Wednesday, November 18, 2009

Whimsical Weather

The weather has been all over the place this past week. Last Thursday, it was between 14-20F with an average wind of 18mph. The high wind was 38mph. It isn't cold until you add in the wind chill. It changes everything. I have had a number of Polies (people who work at the South Pole) say that they prefer the temperatures at Pole being 40-60 degrees colder than the warmer, but windier days at McMurdo because you just can't win with the wind. While I'm skeptical about that claim, I also know I am not a huge fan of fighting the wind.

Friday afternoon around town (photo by Holly Troy).

Friday and Saturday, the weather got warmer. We even cleared freezing and made it to 35F. Unfortunately, the wind also jumped to an average of 33mph and a high of 79mph. Walking around town was not a pleasant experience. I think travel was restricted to around town only. You couldn't always see the next building. You needed goggles to block dust particles to protect your eyes. You REALLY needed to want to go somewhere to deal with the weather instead of just staying put in your work center.

Snowdrifts on Sunday (photo by Matt Davidson?).

The best part of the storm was that it snowed, which almost never happens here. When we get snow, it usually just blows in from somewhere else. Such a treat. It was a winter wonderland and this place definitely looks its best coated in snow and ice. In case you are wondering how this place doesn't get much snow, but is covered in ice, I'll try to explain. Antarctica is the driest place on Earth. We get an average of 50" of precipitation a year. South Pole only gets 3". The trick is that what we get, we keep, especially inland.

A Keen trap or a small river.

At the beginning of the week, the weather finally started to clear. The temperature dropped, the wind mellowed to a mere 9-28mph, and the sun came out. The sun coming out was a blessing and a curse. I love my sunshine, but all that sunshine on all that new snow created a giant wetland. You never knew when the ice or snow might give way to a puddle for you to fall into. They would plow the snow drifts that would turn a small pond into a small river racing downhill, usually towards your favorite shortcut. It was so bad, I had to ditch my Keens for three days in exchange for my Keen boots. Today, enough of the snow has finally melted or been moved elsewhere that my Keens are a pretty safe bet again.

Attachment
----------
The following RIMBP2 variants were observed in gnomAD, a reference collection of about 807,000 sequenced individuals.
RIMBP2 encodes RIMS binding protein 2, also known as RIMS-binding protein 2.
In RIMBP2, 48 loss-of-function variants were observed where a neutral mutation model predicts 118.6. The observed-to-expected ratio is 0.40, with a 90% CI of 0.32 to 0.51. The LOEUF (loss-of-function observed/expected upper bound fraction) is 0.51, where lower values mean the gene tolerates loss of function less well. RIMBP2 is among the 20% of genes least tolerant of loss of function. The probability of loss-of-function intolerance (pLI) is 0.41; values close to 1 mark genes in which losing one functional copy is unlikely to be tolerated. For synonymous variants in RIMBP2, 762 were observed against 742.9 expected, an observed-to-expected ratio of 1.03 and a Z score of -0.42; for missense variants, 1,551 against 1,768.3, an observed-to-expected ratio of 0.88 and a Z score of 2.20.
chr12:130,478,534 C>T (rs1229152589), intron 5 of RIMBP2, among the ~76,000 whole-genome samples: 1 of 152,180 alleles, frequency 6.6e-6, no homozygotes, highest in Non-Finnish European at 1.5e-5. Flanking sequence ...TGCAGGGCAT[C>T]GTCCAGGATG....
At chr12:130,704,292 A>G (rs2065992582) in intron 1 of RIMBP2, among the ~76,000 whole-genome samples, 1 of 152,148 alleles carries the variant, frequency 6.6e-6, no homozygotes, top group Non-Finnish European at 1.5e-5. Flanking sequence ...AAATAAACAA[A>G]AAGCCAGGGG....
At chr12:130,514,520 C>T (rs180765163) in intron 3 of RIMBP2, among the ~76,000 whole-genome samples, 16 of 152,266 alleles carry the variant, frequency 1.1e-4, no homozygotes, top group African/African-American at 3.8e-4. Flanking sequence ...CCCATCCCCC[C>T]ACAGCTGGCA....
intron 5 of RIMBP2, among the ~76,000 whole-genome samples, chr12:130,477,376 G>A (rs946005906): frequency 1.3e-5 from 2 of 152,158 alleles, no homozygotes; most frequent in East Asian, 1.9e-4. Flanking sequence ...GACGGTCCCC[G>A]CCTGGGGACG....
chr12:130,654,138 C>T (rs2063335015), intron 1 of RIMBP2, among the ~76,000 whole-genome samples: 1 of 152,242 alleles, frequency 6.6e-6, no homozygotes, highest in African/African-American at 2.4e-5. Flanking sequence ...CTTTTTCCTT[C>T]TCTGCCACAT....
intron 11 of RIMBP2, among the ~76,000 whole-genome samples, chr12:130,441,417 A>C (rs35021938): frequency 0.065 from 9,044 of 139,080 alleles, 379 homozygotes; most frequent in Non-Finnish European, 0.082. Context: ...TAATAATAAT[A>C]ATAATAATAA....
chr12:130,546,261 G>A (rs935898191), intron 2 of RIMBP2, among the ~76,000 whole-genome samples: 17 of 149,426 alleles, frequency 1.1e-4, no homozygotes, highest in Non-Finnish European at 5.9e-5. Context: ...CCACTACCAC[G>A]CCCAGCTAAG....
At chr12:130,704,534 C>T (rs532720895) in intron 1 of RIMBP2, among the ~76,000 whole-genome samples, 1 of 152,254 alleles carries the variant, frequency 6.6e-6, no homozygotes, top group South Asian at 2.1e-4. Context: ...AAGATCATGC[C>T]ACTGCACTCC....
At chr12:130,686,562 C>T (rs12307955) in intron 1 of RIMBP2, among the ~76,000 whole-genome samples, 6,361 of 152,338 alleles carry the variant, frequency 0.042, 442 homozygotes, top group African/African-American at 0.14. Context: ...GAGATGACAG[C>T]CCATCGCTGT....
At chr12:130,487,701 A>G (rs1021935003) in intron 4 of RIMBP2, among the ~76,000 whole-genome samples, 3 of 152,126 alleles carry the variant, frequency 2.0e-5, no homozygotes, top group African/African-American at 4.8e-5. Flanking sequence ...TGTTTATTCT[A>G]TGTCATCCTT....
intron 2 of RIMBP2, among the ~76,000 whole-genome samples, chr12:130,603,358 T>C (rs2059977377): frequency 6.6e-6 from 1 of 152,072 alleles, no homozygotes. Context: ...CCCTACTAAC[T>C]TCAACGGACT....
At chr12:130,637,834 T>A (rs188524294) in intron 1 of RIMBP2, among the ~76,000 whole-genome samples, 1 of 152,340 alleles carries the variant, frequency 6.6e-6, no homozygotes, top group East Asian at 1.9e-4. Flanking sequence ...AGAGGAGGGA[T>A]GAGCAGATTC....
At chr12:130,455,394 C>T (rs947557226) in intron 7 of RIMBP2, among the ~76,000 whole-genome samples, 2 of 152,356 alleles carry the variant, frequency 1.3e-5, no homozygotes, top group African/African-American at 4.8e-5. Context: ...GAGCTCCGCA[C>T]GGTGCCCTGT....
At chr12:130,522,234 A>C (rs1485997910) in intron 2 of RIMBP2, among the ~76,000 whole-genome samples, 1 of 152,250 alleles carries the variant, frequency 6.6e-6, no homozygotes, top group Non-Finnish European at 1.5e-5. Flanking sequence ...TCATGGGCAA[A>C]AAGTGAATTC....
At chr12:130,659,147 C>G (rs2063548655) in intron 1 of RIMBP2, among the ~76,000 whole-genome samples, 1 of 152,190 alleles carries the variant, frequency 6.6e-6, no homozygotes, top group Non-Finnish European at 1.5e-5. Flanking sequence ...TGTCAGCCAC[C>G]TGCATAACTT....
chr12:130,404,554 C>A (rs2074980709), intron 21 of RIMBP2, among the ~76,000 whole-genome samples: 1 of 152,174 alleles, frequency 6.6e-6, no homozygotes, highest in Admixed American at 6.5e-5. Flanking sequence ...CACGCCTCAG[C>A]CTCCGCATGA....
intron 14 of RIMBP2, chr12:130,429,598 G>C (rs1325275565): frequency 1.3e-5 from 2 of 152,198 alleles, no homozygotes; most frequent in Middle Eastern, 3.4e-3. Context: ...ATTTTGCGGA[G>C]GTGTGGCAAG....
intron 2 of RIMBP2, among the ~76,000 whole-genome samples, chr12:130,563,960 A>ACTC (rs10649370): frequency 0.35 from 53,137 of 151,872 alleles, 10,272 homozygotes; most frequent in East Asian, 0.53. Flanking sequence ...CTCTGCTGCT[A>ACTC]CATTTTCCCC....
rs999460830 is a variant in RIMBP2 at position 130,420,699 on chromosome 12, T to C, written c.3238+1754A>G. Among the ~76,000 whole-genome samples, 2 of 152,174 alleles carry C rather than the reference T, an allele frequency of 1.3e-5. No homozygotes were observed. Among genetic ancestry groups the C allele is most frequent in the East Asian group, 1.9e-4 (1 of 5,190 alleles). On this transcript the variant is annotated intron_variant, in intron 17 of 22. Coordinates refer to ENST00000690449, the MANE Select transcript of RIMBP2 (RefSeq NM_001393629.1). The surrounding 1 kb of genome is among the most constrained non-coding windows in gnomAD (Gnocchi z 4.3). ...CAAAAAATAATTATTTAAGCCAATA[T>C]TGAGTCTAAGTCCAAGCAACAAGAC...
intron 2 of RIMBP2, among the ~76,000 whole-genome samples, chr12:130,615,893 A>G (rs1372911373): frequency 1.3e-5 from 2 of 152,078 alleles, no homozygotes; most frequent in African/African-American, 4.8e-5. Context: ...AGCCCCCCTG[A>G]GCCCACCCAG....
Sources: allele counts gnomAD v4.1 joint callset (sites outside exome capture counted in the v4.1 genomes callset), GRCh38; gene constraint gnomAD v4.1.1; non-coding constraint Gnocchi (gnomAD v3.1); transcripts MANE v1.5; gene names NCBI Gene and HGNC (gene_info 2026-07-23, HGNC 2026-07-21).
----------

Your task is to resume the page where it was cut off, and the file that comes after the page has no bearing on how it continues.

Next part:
Clearing weather over the chalet and Ob Hill

Today is a nice day. It is 15F ambient and 3F with the windchill. Town is pretty much cleaned up. They are moving the last of the major snow off the ice roads and runway which is great for vehicles, but kind of a bummer for skiing. It is great for them because the snow forms an insulating layer which warms the sea ice. Our 625,000lb fully loaded C-17 can only land on a certain quality of ice. Apparently, the first plane in this week had to fly around an extra hour to use up fuel and lighten its load so that it could land safely on the sea ice. As the sea ice continues to weaken, they'll monitor the 'give' of the ice when a plane lands. When it gets to a certain point, they'll move the runway 13 miles out of town to the ice shelf which has less problems, but adds to vehicle costs. Okay, that is the week in weather. Time to get back to my sunshine.

The biggest snow blower EVER clears the ice runway road.

Anecdote of the day: One of the grantees was out in the field yesterday and it was a pretty trying day. Today, he went home in the afternoon to take a nap. He snuck into this room so that he wouldn't wake his night shift working roommate. The roommate wasn't used to him sleeping at the same time as him and had to ask if it was 4am or 4pm because it is always light out now.

Edit: I have a wet sock. It isn't safe yet for the Keens in areas that get a ton of sun.

1 comment:

  1. I love that the new word for small river is keen trap...what else could it be?